Archive for the ‘love’ Category

Look Everywhere for It

September 16, 2014

Look for Death Everywhere

They've just begun looking. Photo Credit: Ruthie Fraser.

They’ve just begun looking. Photo Credit: Ruthie Fraser.

“Where death waits for us is uncertain; let us look for him everywhere,” or so said essayist Michele du Montaigne—who had a fairly jovial, frank perspective on The Great Matter.

In fact, it did seem the dying baby turtle was there, waiting for me.

In fact, the turtle was waiting for anyone. But it was only waiting because it couldn’t move very much…

I don’t know much about turtles. Only that in my childhood, by the beach in the summers, we used to come across a lame turtle, missing front claws on one leg, who occupied himself by crossing the road. He was the embodiment of the tired chicken joke, and we named him Tommy.

We brought him home to Brooklyn at the end of one summer, thinking we’d rescued him from certainty of being squashed. We put him in a tank in our backyard and fed him wet dog food, as instructed by the local pet store. Being smarter than that fate, he escaped, and dug his way into the neighbor’s garden, where he lived pleasantly for a few years, just ahead of the self-subsistence, urban ecology movement.

I do know some other things: if you’re really small and really cute, then you can’t have been on this earth too long. And if you have one eye oozing what can only be blood—poetically fuscia blood—you haven’t got much of a chance. There aren’t turtle band-aids, nor turtle prosthetic eyes—not in the park.

 Turtle Blues

Here’s how it unfolded:

I’m in Prospect Park on a path that hugs the lake, which shimmers under a green gloss and under the blue throes of sky. The foliage canopies over the path; the spring is as fat as it can be; the flowers have pulled back so the leaves can explode. They call this “the setting.”

 

Blue sky for turtle blues: "the setting"

Blue sky for turtle blues: “the setting”

There is legitimate thicket between the paved path and the shoreline. People are fishing—and fish are latching, too easily duped. The shore is buffered by woodchips, where the caught fish are laid out. They don’t even flail. It’s their oh shit moment.   They take it lying down, so to speak. They call this “the obstacle” or “the membrane” or “the margins.”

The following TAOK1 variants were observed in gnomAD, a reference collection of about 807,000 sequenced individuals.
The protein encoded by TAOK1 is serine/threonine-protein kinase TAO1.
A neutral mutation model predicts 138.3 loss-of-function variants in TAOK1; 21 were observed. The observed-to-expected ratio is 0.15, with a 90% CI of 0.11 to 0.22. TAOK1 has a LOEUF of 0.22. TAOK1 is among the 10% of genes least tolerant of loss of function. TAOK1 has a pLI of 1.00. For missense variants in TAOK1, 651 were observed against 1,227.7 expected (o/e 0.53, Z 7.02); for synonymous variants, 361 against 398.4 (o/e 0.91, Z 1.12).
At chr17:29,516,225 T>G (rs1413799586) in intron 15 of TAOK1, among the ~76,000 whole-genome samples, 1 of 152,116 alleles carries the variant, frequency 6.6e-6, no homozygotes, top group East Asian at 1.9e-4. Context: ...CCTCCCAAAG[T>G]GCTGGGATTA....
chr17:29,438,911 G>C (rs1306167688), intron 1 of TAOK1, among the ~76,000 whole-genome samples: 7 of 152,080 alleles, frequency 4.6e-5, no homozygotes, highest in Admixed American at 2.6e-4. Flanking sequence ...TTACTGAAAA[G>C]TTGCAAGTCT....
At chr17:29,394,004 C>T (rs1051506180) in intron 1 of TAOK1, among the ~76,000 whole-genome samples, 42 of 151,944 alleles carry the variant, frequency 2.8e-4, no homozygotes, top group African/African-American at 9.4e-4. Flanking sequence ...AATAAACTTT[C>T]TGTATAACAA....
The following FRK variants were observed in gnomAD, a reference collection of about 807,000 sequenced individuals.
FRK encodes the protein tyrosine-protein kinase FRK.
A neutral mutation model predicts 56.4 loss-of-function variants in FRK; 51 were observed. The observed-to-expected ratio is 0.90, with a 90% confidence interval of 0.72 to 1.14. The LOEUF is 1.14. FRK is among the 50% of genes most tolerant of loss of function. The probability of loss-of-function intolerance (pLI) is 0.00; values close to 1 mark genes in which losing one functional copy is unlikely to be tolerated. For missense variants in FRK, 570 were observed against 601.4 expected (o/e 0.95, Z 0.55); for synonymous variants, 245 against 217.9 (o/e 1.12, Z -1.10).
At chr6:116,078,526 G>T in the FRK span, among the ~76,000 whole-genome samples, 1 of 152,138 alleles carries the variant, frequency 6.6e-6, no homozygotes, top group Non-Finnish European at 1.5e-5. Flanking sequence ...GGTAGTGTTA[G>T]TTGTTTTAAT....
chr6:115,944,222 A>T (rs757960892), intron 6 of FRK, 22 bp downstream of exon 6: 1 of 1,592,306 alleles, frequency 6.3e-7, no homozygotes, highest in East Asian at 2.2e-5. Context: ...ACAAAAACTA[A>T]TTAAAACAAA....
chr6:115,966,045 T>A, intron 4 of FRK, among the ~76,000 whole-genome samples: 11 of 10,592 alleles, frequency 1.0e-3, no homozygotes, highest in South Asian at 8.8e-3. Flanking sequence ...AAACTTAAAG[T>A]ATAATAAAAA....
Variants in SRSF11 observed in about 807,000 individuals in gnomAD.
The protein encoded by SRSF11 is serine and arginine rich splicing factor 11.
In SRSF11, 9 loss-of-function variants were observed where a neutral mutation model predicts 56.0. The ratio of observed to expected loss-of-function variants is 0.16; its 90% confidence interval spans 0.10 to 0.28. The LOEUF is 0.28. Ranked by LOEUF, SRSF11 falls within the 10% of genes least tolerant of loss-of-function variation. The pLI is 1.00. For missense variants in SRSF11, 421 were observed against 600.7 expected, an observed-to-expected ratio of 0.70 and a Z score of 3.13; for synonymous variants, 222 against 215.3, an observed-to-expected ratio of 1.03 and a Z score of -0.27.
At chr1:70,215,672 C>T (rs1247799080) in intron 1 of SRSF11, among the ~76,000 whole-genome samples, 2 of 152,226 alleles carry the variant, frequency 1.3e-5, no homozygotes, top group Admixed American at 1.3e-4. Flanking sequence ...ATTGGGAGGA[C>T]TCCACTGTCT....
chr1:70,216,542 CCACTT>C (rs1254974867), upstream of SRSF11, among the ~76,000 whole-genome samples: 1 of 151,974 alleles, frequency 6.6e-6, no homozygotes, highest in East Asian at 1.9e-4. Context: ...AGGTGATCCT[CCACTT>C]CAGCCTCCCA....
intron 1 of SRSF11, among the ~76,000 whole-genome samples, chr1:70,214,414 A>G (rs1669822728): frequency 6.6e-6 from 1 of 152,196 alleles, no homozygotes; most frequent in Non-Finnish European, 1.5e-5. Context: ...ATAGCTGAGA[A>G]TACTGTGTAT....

A couple is walking toward me. The woman has a tiny baby tied to her front. The man has that dazed, admiring look of the one who is not carrying the baby, and so can marvel at it. You know they’re not sleeping much—the baby could almost fit back into the uterus, so small is it. The colors of her skirt and ruffled nursing shirt echo the trees. His clothes look like they could have been pulled out of the dirty laundry pile. Suddenly, he stoops, takes something up in his hand from the path; the couple’s attention is pulled from the baby, and from inadvertently checking on its aliveness, to this little thing. It takes a lot to divert from the baby. The baby sleeps cooperatively. Maybe it knows it has met its fragile match, and defers.

When I get close enough, I can see it’s a turtle he’s got in his hand. Almost the size of a half-dollar, its legs the size of a teenage fly. I’m on the phone with R, my teacher, who’s telling me about the uncompromising morality of his best friend C, who just died. He now wears a thick plastic purple memorial bracelet that asks, “What would C say?” That question makes him pause, recollect his own off-beat heart and frantic kidneys. It encourages him to be direct and let (a love? Or is it always love?) go. This is called “not filling in the blank.”

 Diagnosing fatality

“It’s injured,” the man says, looking at the turtle clinically, dispassionately. His voice sounds new to diagnosis, the way we hear parents speaking around their newborns, assertions that sound like questions and vice-versa (“He’s hungry?”). The man is trying out being definitive about the status of a creature that can’t supply its own words for what’s going on. But in this case the turtle seems to agree.